The Essential Donald Judd
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The Essential Donald Judd

Any combining, mixing, adding, diluting, exploiting, vulgarizing, or popularizing of abstract art deprives art of its essence and depraves the artist’s artistic consciousness. Art is free, but it is not a free-for-all.” —Donald Judd

Donald Judd (1928–1994) was one of the foremost practitioners of Minimalism, which had its apex in the late 1960s and early 1970s. In the wake of Abstract Expressionism and its highly subjective, mystical focus, Judd and other Minimalists sought to create a depersonalized art in which the physical properties of space, scale, and materials were explored as phenomena of interest on their own, rather than as metaphors for human experience. “A shape, a volume, a color, a surface is something itself,” Judd wrote. “It shouldn’t be concealed as part of a fairly different whole.”

The Essential Donald Judd features a small but choice group of objects and prints drawn from the Walker’s collection. Highlights include the newly restored untitled (1971), a group of six large-scale aluminum cubes that is rarely exhibited due to its size, and an important portfolio of 30 woodblock prints that will be presented for the first time since its acquisition.

In the 1960s, Judd became well known for sleek, boxlike constructions made of industrial materials such as plywood, sheet metal, and plexiglass that were painted using commercial techniques. Stacked, aligned, cantilevered, or centered, their strict geometric arrangements—often derived from mathematical progressions—eliminate the idea of composition and achieve a singular focus on the object itself. They combine elements of architecture, sculpture, and painting, and though they are resolutely three-dimensional, Judd refused to call them sculpture, a term he associated with the hand-crafted art of an earlier era. Instead, he referred to them as “specific objects”—a phrase meant to suggest their neutral, discrete nature.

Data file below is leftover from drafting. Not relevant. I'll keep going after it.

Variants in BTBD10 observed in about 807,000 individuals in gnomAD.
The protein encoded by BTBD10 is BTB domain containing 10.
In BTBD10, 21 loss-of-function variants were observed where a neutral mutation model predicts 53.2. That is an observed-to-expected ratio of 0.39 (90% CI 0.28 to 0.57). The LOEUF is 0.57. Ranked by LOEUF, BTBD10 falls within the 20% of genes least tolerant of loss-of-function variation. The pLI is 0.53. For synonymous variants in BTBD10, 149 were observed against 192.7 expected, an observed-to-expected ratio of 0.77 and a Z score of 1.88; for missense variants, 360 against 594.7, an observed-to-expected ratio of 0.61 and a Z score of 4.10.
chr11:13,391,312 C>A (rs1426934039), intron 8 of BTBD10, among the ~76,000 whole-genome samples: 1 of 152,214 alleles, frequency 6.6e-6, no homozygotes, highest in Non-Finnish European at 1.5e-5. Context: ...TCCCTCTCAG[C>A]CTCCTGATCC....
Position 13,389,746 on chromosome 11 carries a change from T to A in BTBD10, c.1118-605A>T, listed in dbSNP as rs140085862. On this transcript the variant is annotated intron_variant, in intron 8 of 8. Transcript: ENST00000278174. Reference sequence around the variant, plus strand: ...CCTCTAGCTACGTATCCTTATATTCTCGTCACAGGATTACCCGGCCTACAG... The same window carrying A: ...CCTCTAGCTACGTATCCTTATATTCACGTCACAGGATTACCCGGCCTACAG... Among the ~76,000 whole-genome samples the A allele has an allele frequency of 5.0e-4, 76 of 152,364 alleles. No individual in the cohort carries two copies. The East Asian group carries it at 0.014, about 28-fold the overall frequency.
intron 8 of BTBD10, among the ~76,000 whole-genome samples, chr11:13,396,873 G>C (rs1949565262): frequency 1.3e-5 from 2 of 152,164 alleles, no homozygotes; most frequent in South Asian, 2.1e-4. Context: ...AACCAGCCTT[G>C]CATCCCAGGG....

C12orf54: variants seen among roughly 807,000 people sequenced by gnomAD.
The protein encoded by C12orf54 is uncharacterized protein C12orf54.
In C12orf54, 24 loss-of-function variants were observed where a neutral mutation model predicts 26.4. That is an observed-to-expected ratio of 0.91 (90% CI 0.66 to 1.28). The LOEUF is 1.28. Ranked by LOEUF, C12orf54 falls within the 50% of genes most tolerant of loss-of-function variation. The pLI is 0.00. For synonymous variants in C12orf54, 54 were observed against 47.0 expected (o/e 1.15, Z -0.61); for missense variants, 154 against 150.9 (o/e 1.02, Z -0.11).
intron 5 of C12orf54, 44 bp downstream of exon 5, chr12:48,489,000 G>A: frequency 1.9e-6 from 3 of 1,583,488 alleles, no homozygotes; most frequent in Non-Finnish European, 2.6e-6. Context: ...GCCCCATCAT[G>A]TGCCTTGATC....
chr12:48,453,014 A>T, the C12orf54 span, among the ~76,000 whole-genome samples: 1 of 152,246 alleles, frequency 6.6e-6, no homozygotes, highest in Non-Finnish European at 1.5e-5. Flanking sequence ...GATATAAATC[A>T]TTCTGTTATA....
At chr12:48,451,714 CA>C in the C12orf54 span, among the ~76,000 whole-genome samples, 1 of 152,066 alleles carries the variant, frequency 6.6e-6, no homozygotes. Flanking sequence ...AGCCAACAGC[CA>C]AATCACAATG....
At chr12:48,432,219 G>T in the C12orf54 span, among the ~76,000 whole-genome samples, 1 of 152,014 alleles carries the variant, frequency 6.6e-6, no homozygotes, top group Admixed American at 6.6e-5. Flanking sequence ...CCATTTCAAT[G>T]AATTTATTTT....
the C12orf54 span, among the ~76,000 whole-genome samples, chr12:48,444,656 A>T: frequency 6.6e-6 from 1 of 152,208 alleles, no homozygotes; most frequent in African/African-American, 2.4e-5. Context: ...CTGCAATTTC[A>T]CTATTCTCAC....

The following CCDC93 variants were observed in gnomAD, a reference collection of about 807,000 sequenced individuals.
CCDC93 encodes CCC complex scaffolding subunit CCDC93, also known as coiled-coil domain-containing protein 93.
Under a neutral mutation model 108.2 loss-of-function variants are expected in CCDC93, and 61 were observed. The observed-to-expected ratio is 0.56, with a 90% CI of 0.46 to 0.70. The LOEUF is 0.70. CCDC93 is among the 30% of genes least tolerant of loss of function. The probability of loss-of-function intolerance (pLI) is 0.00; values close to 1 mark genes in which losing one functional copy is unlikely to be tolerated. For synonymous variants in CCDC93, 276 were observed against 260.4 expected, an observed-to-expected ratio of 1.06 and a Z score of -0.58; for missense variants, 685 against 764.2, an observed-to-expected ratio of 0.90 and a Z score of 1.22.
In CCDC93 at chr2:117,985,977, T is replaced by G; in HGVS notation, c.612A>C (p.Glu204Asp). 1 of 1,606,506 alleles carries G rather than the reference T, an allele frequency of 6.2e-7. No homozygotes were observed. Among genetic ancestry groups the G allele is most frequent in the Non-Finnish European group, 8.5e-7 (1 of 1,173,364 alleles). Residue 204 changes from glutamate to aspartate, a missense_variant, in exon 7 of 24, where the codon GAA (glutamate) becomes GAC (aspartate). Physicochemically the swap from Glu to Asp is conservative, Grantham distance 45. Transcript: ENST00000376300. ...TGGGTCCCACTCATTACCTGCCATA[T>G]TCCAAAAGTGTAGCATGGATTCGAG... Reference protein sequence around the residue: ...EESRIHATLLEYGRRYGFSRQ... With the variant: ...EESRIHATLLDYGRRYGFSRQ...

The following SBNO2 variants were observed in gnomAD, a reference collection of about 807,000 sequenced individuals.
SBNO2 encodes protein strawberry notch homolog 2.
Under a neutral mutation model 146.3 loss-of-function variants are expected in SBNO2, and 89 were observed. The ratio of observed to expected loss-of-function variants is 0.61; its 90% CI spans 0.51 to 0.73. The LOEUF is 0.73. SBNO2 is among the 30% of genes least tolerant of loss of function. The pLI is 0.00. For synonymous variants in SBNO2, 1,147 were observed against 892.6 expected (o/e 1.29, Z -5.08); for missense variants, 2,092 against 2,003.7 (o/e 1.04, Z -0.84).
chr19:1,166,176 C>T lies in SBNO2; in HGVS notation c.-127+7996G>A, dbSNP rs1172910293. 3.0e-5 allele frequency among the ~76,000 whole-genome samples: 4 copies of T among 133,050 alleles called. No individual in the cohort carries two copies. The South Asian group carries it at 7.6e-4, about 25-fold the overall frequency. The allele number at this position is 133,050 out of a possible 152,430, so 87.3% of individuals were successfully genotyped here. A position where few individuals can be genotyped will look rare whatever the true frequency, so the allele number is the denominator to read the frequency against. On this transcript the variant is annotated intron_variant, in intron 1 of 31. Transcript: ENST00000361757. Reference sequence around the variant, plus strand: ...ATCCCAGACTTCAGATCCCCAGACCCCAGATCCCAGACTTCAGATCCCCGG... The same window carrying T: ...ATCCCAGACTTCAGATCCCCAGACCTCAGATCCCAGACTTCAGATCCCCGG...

Because of limited exhibition space, much of the work on view here is rarely seen by the public. By bringing together these key sculptures and works on paper, The Essential Donald Judd presents a rare opportunity for viewers to explore this artist’s ideas and objects through the extraordinary depth of the Walker’s collection.

Curators: Siri Engberg and Betsy Carpenter, Visual Arts, Walker Art Center

  • The Essential Donald Judd is made possible by generous support from John and Arlene Dayton, the Fifth Floor Foundation, and Gary and Susan Rappaport.